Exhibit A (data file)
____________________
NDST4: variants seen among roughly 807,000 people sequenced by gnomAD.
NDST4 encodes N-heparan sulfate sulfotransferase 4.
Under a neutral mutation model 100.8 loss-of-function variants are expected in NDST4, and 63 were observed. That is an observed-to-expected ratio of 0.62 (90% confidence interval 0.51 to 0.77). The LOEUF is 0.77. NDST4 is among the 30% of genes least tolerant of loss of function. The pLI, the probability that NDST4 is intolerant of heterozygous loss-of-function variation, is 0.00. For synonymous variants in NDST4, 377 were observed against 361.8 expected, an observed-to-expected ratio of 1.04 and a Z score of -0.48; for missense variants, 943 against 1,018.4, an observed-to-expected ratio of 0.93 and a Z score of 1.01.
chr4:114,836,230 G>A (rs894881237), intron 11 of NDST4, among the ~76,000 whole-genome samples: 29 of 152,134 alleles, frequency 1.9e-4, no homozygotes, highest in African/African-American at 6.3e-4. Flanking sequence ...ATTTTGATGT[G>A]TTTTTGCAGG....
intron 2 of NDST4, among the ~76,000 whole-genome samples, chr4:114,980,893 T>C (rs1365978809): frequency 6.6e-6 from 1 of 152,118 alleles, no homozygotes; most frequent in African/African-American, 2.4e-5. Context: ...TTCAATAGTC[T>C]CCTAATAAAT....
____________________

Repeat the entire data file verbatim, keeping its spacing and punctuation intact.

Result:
NDST4: variants seen among roughly 807,000 people sequenced by gnomAD.
NDST4 encodes N-heparan sulfate sulfotransferase 4.
Under a neutral mutation model 100.8 loss-of-function variants are expected in NDST4, and 63 were observed. That is an observed-to-expected ratio of 0.62 (90% confidence interval 0.51 to 0.77). The LOEUF is 0.77. NDST4 is among the 30% of genes least tolerant of loss of function. The pLI, the probability that NDST4 is intolerant of heterozygous loss-of-function variation, is 0.00. For synonymous variants in NDST4, 377 were observed against 361.8 expected, an observed-to-expected ratio of 1.04 and a Z score of -0.48; for missense variants, 943 against 1,018.4, an observed-to-expected ratio of 0.93 and a Z score of 1.01.
chr4:114,836,230 G>A (rs894881237), intron 11 of NDST4, among the ~76,000 whole-genome samples: 29 of 152,134 alleles, frequency 1.9e-4, no homozygotes, highest in African/African-American at 6.3e-4. Flanking sequence ...ATTTTGATGT[G>A]TTTTTGCAGG....
intron 2 of NDST4, among the ~76,000 whole-genome samples, chr4:114,980,893 T>C (rs1365978809): frequency 6.6e-6 from 1 of 152,118 alleles, no homozygotes; most frequent in African/African-American, 2.4e-5. Context: ...TTCAATAGTC[T>C]CCTAATAAAT....